Quantitative real-time PCR (qPCR) is currently the prime technique to measure gene expression. When properly used it offers unprecedented sensitivity, accuracy, and reproducibility. But there are caveats. The target is mRNA, which must be extracted and converted to cDNA in a reverse transcription process that can produce highly variable yield depending on protocol. RNA is further rapidly degraded by nucleases abundant in biological samples. Generally when assaying biological subjects, there is a need to minimize confounding technical and biological variability (See Insert) while maximizing the studied effect.
To choose a normalization strategy in real-time PCR is far from trivial. Popular strategies include relating expression of marker genes to that of endogenous reference genes or to the total amount of RNA. This tutorial discusses how to select an optimum number of reference genes for normalization and also how to compare normalization with reference genes with normalization to the total amount of RNA.
GenEx, qPCR data-analysis software from MultiD Analyses (www.multid.se), offers many options to normalize data and to standardize measurements, including: interplate calibration, efficiency correction, normalization with spike, normalization to sample amount, normalize qPCR repeats, normalization with reference genes, normalization with reference samples, and normalize RT repeats.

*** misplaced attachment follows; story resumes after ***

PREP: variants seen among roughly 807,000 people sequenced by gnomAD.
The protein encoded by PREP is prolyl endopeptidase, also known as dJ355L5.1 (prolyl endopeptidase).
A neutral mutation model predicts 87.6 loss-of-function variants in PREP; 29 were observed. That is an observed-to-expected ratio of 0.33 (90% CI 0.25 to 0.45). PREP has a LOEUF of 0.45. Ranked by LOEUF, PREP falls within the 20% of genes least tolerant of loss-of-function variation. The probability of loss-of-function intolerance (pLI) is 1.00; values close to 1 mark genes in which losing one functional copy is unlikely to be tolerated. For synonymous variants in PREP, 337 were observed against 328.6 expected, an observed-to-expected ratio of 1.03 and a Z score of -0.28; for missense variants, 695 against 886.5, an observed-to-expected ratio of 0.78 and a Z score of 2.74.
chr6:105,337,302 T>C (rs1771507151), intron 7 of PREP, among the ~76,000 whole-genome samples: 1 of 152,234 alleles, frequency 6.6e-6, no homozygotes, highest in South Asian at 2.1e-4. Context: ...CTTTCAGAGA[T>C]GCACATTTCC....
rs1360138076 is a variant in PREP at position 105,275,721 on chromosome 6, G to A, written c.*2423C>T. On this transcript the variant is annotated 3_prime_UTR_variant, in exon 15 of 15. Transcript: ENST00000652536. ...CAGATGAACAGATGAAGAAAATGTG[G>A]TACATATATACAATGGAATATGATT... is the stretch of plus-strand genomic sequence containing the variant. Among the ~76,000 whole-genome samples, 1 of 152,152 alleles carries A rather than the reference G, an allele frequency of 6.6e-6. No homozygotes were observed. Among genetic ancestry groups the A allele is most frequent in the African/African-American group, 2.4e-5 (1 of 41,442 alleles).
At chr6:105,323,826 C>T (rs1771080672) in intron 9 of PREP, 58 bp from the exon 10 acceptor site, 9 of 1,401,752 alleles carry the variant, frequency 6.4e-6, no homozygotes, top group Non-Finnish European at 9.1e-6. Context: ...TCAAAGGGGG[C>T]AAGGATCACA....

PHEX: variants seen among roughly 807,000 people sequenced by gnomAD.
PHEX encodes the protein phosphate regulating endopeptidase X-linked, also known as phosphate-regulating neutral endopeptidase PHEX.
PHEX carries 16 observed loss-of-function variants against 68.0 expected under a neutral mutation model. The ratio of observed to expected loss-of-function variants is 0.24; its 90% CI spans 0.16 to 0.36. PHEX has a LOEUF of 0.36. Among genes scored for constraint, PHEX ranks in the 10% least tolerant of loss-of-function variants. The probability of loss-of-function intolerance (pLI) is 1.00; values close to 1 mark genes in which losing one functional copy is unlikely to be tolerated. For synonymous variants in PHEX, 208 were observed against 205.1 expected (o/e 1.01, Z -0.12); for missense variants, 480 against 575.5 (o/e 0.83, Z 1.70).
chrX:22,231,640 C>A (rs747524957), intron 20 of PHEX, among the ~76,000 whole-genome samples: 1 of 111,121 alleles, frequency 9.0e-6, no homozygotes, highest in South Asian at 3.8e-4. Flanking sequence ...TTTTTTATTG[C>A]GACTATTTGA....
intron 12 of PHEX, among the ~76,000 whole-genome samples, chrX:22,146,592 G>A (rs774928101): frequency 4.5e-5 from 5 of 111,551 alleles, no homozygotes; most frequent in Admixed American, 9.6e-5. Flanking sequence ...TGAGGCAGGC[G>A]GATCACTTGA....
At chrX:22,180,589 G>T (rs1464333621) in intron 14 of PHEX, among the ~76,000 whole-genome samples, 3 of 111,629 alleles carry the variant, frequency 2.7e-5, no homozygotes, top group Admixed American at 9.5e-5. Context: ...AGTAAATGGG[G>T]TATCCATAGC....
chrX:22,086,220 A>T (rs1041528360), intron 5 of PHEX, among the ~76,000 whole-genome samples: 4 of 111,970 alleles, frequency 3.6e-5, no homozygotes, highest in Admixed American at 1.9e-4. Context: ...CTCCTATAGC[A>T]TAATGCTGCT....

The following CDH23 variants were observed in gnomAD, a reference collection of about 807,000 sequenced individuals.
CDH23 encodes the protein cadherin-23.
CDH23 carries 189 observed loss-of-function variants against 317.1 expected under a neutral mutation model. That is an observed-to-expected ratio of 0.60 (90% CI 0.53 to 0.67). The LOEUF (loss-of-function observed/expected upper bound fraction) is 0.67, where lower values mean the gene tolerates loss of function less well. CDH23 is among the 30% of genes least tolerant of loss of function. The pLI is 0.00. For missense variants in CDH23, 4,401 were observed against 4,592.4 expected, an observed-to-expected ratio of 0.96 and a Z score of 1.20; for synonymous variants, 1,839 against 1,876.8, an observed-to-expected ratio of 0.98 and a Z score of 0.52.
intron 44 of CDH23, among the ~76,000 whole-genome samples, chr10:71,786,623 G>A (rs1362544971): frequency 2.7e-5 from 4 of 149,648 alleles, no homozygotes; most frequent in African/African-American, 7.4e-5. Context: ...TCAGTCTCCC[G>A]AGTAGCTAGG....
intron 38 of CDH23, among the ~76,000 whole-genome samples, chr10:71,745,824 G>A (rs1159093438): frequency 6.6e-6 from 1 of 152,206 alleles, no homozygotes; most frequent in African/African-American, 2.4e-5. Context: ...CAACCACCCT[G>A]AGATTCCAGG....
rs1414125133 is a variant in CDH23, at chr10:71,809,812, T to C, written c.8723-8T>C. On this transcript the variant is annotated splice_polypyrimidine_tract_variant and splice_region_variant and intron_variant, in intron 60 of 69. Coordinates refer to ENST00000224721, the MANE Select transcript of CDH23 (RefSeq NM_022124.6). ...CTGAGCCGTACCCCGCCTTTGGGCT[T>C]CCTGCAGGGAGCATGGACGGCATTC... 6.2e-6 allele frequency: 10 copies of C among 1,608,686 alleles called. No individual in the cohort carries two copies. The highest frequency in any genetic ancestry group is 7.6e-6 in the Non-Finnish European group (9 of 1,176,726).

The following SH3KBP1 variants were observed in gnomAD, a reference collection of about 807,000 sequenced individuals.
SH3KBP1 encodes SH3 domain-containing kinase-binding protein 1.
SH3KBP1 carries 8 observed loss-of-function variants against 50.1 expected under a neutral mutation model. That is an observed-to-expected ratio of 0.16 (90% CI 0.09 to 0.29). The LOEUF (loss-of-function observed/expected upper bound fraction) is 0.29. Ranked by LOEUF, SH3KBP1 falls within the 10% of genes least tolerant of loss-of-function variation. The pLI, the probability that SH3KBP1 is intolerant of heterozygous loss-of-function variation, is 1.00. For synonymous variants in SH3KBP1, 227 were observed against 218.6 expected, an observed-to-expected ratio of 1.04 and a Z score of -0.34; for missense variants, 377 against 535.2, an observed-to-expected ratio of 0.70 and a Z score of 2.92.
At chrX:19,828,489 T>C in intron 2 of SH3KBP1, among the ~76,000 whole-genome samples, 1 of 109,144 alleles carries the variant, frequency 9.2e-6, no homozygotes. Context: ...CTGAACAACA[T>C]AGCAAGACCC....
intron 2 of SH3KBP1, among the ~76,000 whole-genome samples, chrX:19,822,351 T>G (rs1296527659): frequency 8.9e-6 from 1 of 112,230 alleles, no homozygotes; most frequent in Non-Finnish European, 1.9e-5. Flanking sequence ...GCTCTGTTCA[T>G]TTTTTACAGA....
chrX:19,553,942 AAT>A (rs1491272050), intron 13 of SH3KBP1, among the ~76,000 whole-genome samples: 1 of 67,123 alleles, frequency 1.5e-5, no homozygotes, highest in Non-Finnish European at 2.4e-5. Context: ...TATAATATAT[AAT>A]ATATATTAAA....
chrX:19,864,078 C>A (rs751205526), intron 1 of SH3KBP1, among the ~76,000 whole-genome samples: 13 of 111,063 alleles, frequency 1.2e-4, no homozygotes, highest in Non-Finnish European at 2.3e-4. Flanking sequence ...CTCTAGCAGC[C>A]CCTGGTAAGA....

Normalization with reference genes requires identifying genes with a stable expression that is invariant of the conditions studied. This is typically done by testing a panel of candidate reference genes on representative samples. If the study compares different groups of samples such as treated and control, the panel must be tested on representative samples of each type.
The reference gene candidates are then evaluated by estimating their expression stability and any bias in their expression between the sample groups. Further, the optimum number of reference genes should be found. Often, it is also interesting to compare the effect of reference gene normalization with normalization to total RNA only.
The goal of this experiment was to identify the optimum reference genes for normalization of expression markers in a dietary study of mice. For this purpose, two groups of seven mice were studied. One group was fed a normal diet and the other group a high-fat diet. Biological material from the mouse hypothalamus was extracted, lysed, and subjected to 12 qPCR assays with primers from the Mouse Endogenous Control Gene Panel from TATAA Biocenter (www.tataa.com). qPCR CT values were collected and imported into GenEx for analysis.